Below post translated from a Spanish article in diariomedico.com.
English abstract available in PubMed.
A research team of Laboratory 11 of the Cancer Research Center of Salamanca (CIC) has identified the gene expression profile (GEP) of systemic mastocytosis, explained Andrés García Montero, one of the coordinators of this research group led by Salamanca's Alberto Orfao. The researchers have identified the GEP for both the aggressive and indolent forms.
“By comparing samples of diseased and normal mast cells, we have successfully identified the GEP associated with systemic mastocytosis. Overall, 758 transcripts were significantly deregulated in patients with SM, with a common GEP of 398 genes for all subvariants of SM analyzed. These 398 genes are mainly associated with inflammatory immune responses showing overexpression of interferon-induced genes. These genes are involved in the response to virus and molecule inhibitors of the complement pathway and show increased expression of genes involved in lipid metabolism and protein” stressed Garcia Montero
In addition, Aggressive SM showed deregulation of apoptosis and cell cycle-related genes, whereas patients with indolent SM displayed increased expression of adhesion-related molecules.
As for possible future applications, the research group's goal for the short to medium term is to identify molecules that can be used for the diagnosis or monitoring of the disease through minimally invasive samples such as peripheral blood. Their mid to long term goals are to identify molecules or molecular pathways in the most aggressive forms that allow the design or selection of specific drugs to treat these patients.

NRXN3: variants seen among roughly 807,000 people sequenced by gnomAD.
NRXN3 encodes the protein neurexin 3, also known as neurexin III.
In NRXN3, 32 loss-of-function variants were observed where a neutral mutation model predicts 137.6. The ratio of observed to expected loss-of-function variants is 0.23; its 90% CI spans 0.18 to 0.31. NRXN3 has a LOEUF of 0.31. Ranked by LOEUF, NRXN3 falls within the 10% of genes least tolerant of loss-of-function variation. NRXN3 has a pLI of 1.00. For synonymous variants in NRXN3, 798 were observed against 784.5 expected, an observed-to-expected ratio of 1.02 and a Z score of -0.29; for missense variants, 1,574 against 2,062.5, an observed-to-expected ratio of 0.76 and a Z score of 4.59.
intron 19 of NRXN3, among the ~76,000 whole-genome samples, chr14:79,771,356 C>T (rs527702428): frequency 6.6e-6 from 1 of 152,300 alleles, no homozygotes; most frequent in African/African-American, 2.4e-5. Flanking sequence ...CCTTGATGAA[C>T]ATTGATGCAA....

This work is the result of a collaboration of nearly 20 years, in the context of the Spanish Network of Mastocytosis (REMA), the research group led by Alberto Orfao at the Center for Cancer Research and Luis Escribano's group in the Mastocytosis Unit of Castilla-La Mancha (Hospital Virgen del Valle, Toledo). It is an important part of the doctoral thesis of Cristina Teodosio and has been supported by the Instituto de Salud Carlos III in Madrid, the Ministry of Health of the Government of Castile and Leon, and the geriatric Foundation of Castilla-La Mancha with projects directed by Andrés García Montero, Luis Alberto Orfao and Escribano.
This research stems from the real need to find specific molecular markers that can predict well in advance which patients with indolent forms of mastocytosis would progress to the aggressive forms, as well as to identify what molecular pathways are differentially activated in both types of patients. This will allow us to target molecules that can be used for designing new therapeutic strategies.
To achieve this we studied the gene expression profile (GEP) of purified mast cells (with purities greater than 95-98 percent) of bone marrow samples.
The great difficulty involved in this work was precisely to obtain the biological material, because the mast cells do not spend much time in the bone marrow of healthy individuals or patients with indolent forms. (Mast Cells in bone marrow are usually very rare, typically less than 0.01 per cent of the bone marrow cells).
Even in aggressive forms it is rare that the percentage exceeds 1-3 percent. For this reason, the selection of patients and obtaining the biological material (RNA purified mast cells) took over six years of work.